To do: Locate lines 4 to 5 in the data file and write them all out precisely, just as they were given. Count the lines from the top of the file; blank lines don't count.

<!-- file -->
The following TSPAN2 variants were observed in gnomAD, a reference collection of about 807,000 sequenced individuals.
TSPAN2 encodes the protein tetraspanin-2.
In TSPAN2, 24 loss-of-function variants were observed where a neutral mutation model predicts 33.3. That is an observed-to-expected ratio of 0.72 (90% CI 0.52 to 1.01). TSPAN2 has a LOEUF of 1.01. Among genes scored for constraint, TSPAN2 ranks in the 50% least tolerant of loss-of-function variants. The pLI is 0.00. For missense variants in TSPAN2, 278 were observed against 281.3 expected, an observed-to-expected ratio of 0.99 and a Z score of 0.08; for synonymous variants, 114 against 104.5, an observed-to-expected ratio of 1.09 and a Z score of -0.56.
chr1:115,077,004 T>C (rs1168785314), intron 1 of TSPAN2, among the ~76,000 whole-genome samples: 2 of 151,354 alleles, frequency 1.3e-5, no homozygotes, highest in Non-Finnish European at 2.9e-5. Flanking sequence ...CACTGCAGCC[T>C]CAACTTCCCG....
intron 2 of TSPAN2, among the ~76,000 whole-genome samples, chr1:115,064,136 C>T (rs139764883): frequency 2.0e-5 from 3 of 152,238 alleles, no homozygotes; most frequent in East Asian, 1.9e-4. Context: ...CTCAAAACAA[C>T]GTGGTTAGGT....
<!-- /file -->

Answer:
chr1:115,077,004 T>C (rs1168785314), intron 1 of TSPAN2, among the ~76,000 whole-genome samples: 2 of 151,354 alleles, frequency 1.3e-5, no homozygotes, highest in Non-Finnish European at 2.9e-5. Flanking sequence ...CACTGCAGCC[T>C]CAACTTCCCG....
intron 2 of TSPAN2, among the ~76,000 whole-genome samples, chr1:115,064,136 C>T (rs139764883): frequency 2.0e-5 from 3 of 152,238 alleles, no homozygotes; most frequent in East Asian, 1.9e-4. Context: ...CTCAAAACAA[C>T]GTGGTTAGGT....